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Addressing the mental health needs of carers

13 December 2010

Scientists have long recognised that carers of people with eating disorders (ED) are very eager to support the treatment and recovery of a loved one, though they’re often ill-equipped to take on the task. 

An interactive web-based multimedia intervention programme to address the needs of carers’ of sufferers of anorexia nervosa (AN) was developed by researchers,from the National Institute for Health Research Biomedical Research Centre for Mental Health (BRC) at South London and Maudsley NHS Foundation Trust and Institute of Psychiatry (IoP) at King's. The programme, which won a London NHS Innovation award, was designed in collaboration with a carer and former service user. It helps carers to assess and reflect on their own behaviour, it provides information, encourages self-monitoring and teaches skills in identifying, understanding and managing symptoms of anorexia. It also helps carers to look after their own needs.

A recent feasibility study by PhD student, Miriam Grover and colleagues, evaluated this programme in 27 carers of people with AN and measured carers’ levels of distress and expressed emotion, burden of care-giving, and ability to problem-solve. Key findings were significant reductions in carers’ anxiety and depression and improvements on most of the other outcome measures after the web-intervention.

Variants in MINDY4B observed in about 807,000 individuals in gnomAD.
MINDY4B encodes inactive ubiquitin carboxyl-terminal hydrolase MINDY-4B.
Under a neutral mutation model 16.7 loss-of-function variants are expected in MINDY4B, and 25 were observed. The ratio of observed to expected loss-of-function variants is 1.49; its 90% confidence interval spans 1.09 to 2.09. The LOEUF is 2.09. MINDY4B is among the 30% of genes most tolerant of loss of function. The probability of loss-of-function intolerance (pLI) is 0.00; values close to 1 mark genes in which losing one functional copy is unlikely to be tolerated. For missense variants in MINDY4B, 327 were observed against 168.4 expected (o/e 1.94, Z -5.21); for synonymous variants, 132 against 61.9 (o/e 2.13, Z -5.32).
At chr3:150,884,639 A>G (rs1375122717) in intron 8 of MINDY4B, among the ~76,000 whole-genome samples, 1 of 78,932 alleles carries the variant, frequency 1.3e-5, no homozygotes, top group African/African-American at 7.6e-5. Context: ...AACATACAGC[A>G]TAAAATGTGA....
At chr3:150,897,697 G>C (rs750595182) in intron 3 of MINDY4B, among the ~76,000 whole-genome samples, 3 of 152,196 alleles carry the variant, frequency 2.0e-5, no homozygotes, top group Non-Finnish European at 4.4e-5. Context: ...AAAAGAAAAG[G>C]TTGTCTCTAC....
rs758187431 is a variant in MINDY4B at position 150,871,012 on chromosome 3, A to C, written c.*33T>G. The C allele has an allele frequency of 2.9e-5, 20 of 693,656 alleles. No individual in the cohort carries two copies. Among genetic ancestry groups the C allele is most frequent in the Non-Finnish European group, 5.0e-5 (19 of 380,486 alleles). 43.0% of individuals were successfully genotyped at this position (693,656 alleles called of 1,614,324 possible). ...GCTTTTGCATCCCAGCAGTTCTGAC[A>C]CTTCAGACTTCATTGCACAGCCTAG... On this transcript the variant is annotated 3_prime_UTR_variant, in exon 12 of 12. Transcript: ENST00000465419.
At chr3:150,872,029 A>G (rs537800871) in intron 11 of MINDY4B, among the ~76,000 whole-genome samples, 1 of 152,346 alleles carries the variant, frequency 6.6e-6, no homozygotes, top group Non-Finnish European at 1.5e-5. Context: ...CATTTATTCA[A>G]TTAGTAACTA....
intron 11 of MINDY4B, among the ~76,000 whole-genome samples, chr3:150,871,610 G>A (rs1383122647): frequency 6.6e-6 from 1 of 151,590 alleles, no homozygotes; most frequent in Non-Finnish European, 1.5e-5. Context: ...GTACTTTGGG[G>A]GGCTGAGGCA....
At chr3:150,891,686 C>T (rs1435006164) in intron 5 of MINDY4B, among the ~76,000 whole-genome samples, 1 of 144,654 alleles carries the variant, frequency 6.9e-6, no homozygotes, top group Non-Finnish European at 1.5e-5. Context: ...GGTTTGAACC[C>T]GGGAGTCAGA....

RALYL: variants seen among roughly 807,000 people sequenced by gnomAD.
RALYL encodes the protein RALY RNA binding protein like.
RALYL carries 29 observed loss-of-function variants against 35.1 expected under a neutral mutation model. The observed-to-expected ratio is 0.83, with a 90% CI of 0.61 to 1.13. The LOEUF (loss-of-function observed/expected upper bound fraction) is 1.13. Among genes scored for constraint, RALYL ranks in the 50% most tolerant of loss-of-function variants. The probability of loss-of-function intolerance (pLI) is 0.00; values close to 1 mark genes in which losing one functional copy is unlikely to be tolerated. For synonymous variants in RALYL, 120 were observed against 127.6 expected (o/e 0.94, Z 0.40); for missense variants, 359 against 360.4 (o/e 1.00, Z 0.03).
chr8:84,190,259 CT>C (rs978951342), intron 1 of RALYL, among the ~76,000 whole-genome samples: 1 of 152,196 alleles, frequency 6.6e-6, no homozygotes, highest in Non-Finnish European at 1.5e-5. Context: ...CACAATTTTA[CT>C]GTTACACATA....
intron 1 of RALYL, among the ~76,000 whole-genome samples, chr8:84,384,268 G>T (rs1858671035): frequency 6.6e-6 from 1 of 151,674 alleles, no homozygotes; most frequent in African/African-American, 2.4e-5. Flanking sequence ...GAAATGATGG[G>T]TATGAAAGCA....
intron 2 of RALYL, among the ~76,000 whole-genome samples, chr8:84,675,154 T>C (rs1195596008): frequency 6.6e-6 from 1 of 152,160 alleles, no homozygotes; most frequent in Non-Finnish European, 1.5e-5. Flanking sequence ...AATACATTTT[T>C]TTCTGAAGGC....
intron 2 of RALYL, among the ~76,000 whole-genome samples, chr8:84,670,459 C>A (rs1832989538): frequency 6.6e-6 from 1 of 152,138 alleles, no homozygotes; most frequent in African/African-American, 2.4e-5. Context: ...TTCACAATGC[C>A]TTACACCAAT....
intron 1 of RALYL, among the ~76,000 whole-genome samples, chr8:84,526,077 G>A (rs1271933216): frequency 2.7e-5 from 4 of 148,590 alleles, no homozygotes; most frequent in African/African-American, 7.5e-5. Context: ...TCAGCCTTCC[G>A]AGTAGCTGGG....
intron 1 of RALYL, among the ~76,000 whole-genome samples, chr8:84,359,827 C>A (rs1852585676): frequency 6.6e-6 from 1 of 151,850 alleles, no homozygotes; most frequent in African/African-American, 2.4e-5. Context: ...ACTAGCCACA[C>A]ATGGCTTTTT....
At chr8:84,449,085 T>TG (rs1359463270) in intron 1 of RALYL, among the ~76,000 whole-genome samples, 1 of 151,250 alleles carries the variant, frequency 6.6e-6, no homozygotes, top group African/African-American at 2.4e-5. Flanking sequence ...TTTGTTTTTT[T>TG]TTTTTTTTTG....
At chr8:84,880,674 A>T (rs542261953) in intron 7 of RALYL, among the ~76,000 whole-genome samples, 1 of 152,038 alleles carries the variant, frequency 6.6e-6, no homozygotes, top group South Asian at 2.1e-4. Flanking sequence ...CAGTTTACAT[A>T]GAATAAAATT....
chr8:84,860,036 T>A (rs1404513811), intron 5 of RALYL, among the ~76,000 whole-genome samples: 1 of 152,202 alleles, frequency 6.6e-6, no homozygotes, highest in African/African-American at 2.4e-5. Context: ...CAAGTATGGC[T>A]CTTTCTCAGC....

Professor Schmidt, the lead developer of the web-programme and Head of the Section of Eating Disorders at the IoP, said: ‘Carers clearly found the programme very valuable as shown by these improvements and their many informal comments. With this programme we can reach and support carers who find it difficult for work or travel reasons to come to the clinic and those who may have a daughter in the very early stages of the illness’.

The authors of this paper are encouraged by the results; though assert that further investigation of the programme is required.

‘An off-line pilot evaluation of a web-based systemic cognitive-behavioural intervention for carers of people with anorexia nervosa’ is published in International Journal of Eating Disorders. To read the paper in full, please follow the link

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